A grandmother was stabbed to death by her gambling addict husband who felt ‘belittled’ after she refused to let him to be named on the deeds to their new home, a court heard. David Pawluk, 59, met Margaret Howlett, 63, through her job as manager of a bookmakers. They married after a whirlwind romance but began to row over his ‘significant’ gambling problem and mounting debts. Problems came to a head when they decided to sell her home and move to a new house together. When she refused to put his name on the deeds of the new property he attacked her and left her to die in the kitchen of their Rochdale home. Minshull Crown Court heard Pawluk tried several times to kill himself before walking into a police station two after days the killing and confessed. Pawluk has now been jailed for life with a minimum term of 16 years and eight months, after pleading guilty to murder.
A former nursing home administrator was charged with financial exploitation after she allegedly diverted nearly a quarter of a million dollars from elderly residents to support her gambling habit. Tina Lee Pearson, 57, was charged in Creek County late last week with one count of financial exploitation by a caretaker, stemming from a state investigation by the attorney general’s Medicaid Fraud Control Unit. Pearson was arrested and bonded out of custody prior to a bond setting hearing, according to jail and online court records. Pearson is accused of withdrawing more than $217,750 in cash from at least 33 Drumright Nursing Home resident’s accounts between January 2012 and October 2015. “In terms of crimes, it’s among the worst. Instead of taking care of somebody, you’re taking advantage of them,” said Oklahoma Attorney General Mike Hunter. “And for somebody to be living out their golden years, and having a comfort level of confidence the people there are taking good care of them, and then to discover that’s not happening, it’s pretty heartbreaking.”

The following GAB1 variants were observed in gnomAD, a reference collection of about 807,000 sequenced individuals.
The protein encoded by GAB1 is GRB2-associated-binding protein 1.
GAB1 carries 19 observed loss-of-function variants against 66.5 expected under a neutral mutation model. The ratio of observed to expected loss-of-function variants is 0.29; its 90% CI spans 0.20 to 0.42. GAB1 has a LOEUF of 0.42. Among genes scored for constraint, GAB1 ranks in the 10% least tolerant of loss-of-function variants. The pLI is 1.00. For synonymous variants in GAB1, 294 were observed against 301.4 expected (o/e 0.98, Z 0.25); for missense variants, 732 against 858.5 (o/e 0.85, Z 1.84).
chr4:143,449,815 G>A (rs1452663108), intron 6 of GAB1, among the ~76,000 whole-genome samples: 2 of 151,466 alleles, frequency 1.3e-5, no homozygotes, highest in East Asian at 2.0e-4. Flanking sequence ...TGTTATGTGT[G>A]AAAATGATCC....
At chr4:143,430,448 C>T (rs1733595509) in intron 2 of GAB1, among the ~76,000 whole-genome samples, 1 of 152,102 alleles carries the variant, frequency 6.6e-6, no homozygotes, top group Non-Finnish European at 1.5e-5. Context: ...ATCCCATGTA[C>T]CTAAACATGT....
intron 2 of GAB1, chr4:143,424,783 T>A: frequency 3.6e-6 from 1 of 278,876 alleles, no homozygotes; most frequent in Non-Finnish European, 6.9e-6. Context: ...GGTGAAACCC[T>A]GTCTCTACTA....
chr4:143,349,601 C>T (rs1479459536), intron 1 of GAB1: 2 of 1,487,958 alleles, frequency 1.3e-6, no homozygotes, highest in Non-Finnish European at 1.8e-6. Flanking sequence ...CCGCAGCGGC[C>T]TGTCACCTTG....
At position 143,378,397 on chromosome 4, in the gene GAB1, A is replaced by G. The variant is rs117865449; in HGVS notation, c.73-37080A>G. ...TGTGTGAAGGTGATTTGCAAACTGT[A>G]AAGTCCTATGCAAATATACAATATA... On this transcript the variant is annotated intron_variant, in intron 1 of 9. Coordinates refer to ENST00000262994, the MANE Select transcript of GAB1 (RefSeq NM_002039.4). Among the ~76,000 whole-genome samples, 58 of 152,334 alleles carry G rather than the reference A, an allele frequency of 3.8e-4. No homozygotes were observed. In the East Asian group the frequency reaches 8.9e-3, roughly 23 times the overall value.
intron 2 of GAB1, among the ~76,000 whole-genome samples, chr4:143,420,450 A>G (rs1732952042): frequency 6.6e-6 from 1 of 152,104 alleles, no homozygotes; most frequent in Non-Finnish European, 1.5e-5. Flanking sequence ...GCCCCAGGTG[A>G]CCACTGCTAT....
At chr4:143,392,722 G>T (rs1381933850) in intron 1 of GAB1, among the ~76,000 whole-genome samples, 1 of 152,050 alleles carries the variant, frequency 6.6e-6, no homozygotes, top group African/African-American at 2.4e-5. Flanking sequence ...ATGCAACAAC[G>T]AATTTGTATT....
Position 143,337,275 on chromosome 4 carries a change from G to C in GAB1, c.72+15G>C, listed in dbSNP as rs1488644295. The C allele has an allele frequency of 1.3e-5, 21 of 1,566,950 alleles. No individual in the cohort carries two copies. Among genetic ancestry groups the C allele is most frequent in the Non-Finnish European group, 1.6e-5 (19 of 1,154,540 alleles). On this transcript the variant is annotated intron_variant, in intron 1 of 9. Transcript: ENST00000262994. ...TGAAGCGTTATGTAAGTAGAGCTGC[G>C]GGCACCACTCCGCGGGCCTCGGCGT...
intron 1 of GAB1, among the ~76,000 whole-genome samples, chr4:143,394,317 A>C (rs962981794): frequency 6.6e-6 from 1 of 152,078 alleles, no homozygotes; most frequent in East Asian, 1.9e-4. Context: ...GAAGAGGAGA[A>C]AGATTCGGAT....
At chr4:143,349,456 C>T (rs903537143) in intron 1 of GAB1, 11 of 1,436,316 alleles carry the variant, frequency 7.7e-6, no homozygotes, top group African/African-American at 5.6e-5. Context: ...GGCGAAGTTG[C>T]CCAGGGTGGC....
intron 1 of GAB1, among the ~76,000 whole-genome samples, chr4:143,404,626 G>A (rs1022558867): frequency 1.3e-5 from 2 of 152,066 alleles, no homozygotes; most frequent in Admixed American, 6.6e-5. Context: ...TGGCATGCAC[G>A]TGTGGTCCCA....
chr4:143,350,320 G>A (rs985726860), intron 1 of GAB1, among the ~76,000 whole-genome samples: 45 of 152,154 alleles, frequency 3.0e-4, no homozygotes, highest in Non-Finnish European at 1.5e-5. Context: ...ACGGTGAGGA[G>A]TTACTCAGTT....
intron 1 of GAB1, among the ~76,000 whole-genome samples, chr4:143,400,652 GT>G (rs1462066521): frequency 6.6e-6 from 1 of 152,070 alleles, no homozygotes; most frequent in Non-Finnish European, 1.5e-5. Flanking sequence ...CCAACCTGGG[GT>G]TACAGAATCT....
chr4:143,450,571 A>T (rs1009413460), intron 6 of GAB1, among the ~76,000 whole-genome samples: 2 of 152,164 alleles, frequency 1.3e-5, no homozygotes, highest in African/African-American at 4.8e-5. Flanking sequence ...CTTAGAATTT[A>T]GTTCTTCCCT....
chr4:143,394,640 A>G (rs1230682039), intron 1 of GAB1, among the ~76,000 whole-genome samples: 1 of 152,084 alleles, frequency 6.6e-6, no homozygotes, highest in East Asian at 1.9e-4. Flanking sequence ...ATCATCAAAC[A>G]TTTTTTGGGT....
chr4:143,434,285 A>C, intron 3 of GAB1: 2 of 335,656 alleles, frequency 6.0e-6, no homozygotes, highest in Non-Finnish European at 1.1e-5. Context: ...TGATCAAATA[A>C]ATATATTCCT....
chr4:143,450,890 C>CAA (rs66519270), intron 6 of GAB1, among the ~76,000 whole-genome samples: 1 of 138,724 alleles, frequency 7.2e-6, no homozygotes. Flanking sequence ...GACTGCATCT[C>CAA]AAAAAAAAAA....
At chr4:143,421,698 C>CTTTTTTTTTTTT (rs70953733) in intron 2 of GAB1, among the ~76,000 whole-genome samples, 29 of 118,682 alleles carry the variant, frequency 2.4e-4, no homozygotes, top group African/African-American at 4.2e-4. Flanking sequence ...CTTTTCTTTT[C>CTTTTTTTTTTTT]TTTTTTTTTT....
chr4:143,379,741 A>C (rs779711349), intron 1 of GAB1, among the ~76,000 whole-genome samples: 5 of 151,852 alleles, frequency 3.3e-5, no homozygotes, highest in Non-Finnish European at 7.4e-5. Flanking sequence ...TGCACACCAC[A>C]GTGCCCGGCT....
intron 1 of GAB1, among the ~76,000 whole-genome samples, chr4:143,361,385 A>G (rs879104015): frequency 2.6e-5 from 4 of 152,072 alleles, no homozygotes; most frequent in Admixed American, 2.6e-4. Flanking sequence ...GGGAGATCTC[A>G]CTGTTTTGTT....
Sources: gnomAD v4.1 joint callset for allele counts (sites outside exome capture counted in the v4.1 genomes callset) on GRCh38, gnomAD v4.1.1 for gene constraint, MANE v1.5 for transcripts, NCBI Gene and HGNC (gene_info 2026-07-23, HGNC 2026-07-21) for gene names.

Gambling websites have been warned to watch out for terrorists laundering money by placing wagers on football and racing. The Gambling Commission said even online bingo was open to abuse by extremist groups to fund activity. Terrorists could also be using forged or stolen ID documents to set up internet betting accounts to wash cash, according to the industry body’s alert. The official warning said the “customer not being physically present for identification purposes” meant there was a “higher” risk of laundering. It added “customers from high-risk jurisdictions” or those who appear on “international sanctions list” posed a threat. And the vast array of remote gambling firms can be used to set up multiple accounts, making it harder to track deposits and wagers.